John Wayne Performed His Own Stunts in ‘Big Jake’ Despite Failing Health
There’s probably no other individual in the history of Westerns who is as prolific as John Wayne. Wayne, who began acting as early as the 1930s, dominated cinema for decades as the stern, no-funny business character his fans loved.
Even at the end of his career, The Duke did everything he could to ensure his fans got the authentic John Wayne experience when they watched his films. For instance, when Wayne filmed Big Jake, he performed his own stunts despite his failing health.
When he starred in the iconic western, Wayne was in his mid-60s and dealt with some major health issues.
Big Jake also reunited several familiar faces from Wayne’s previous Westerns, including Richard Boone, Maureen O’Hara, Bruce Cabot, and Harry Carey, Jr., with whom Wayne had always admired. In addition, Big Jake was also a family project for Wayne. One of his sons, Michael, acted as the film’s producer and his two other sons had on-screen roles.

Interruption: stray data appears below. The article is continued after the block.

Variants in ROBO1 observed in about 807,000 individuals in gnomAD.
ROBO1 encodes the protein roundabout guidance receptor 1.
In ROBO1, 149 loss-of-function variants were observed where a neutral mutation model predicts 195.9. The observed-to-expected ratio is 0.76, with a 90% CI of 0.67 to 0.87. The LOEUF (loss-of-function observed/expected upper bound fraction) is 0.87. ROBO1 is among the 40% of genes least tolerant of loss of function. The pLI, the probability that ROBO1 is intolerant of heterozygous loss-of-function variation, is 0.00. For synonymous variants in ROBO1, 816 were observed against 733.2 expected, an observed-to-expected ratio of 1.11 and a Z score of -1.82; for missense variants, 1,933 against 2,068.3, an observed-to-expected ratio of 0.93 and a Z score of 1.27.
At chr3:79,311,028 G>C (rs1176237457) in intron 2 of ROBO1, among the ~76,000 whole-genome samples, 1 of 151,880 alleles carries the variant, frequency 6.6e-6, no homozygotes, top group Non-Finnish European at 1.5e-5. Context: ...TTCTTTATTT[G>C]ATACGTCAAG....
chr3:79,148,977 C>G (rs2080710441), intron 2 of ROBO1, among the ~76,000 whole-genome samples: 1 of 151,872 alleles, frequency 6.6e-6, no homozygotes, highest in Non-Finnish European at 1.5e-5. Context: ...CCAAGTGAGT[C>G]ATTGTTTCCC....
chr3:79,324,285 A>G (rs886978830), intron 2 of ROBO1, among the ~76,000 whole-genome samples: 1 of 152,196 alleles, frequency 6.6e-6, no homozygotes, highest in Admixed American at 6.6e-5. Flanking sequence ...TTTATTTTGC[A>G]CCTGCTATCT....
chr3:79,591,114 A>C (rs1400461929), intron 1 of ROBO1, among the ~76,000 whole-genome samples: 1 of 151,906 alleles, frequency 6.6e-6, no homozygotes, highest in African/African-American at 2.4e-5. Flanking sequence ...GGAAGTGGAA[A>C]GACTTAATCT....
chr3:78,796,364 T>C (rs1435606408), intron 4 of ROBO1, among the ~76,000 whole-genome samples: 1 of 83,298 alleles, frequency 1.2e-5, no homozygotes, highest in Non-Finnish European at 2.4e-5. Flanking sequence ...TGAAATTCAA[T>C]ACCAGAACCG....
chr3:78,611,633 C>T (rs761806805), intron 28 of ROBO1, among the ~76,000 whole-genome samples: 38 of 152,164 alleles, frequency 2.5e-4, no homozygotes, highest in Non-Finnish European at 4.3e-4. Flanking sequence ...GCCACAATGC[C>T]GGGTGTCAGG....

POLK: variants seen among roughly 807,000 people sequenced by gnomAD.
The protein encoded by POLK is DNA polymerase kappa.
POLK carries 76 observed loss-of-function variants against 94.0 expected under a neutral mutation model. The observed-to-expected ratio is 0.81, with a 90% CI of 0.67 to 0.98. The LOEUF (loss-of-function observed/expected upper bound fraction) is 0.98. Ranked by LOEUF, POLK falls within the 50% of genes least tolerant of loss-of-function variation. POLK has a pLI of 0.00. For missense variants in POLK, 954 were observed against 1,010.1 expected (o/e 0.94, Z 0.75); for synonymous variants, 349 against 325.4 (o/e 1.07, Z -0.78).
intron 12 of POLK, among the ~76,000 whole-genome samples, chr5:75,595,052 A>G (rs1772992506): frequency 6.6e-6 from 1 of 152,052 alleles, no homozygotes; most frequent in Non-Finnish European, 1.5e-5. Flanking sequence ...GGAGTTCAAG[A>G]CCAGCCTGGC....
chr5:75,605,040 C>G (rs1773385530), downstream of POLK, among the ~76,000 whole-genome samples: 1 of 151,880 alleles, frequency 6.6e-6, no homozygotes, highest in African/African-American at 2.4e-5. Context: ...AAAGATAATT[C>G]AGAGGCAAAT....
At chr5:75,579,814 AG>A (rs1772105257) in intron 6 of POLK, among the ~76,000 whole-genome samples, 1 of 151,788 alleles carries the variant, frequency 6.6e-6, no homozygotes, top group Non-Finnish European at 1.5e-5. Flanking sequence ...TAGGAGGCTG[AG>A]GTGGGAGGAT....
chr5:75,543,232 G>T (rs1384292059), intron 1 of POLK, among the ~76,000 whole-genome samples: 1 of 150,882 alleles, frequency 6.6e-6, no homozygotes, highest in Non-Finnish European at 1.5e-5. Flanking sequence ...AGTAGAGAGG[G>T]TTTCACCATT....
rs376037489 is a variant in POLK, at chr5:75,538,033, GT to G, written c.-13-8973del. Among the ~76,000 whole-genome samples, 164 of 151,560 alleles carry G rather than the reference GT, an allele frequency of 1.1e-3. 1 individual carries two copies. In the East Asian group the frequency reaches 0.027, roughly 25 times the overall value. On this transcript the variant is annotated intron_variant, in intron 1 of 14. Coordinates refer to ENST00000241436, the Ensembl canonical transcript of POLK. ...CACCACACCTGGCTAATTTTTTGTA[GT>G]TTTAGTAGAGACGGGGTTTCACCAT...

While Wayne’s career was coming to a close at the time, Wayne continued to do most of his own stunt work. Big Jake would be one of The Duke’s final eight films of his career, all of which two were westerns.
Sadly, when Wayne filmed Big Jake, his health was quickly declining. But, even though he knew this, Wayne was far from slowing down. On the contrary, Wayne was still riding high off his recent Oscar win for “Best Actor” for his performance in 1969’s True Grit.
In John Wayne: The Man Behind the Myth, the book’s author Michael Munn wrote about Wayne’s age and how he used it to his advantage in his acting career.
John Wayne rebrands himself
According to Munn, Wayne decided to maintain his tough guy persona in his films even though he continued to get older. However, some in his inner circle disagreed with that choice. For instance, Wayne’s friend and legendary director, Howard Hawks, thought that Wayne was ruining his own legacy. “You can’t play gunfighters at your age anymore,” he told his friend.
Despite this, Wayne continued to forge his own path. Knowing he had to do something, Wayne decided to re-brand his image as the veteran cowboy. With this, some of his best work was arguably his last.
Wayne reprised his role as one-eyed copper Rooster Cogburn in 1975’s True Grit follow-up Rooster Cogburn, which saw commercial success. His final film, The Shootist, would become one of the best westerns ever made.
George Sherman, who directed Big Jake, also acknowledged Wayne’s resiliency despite the changing times. “I knew that by 1970 Westerns had changed a lot,” Sherman once said. “I admired Duke for playing a character his own age, yet he was still the same tough character people liked.”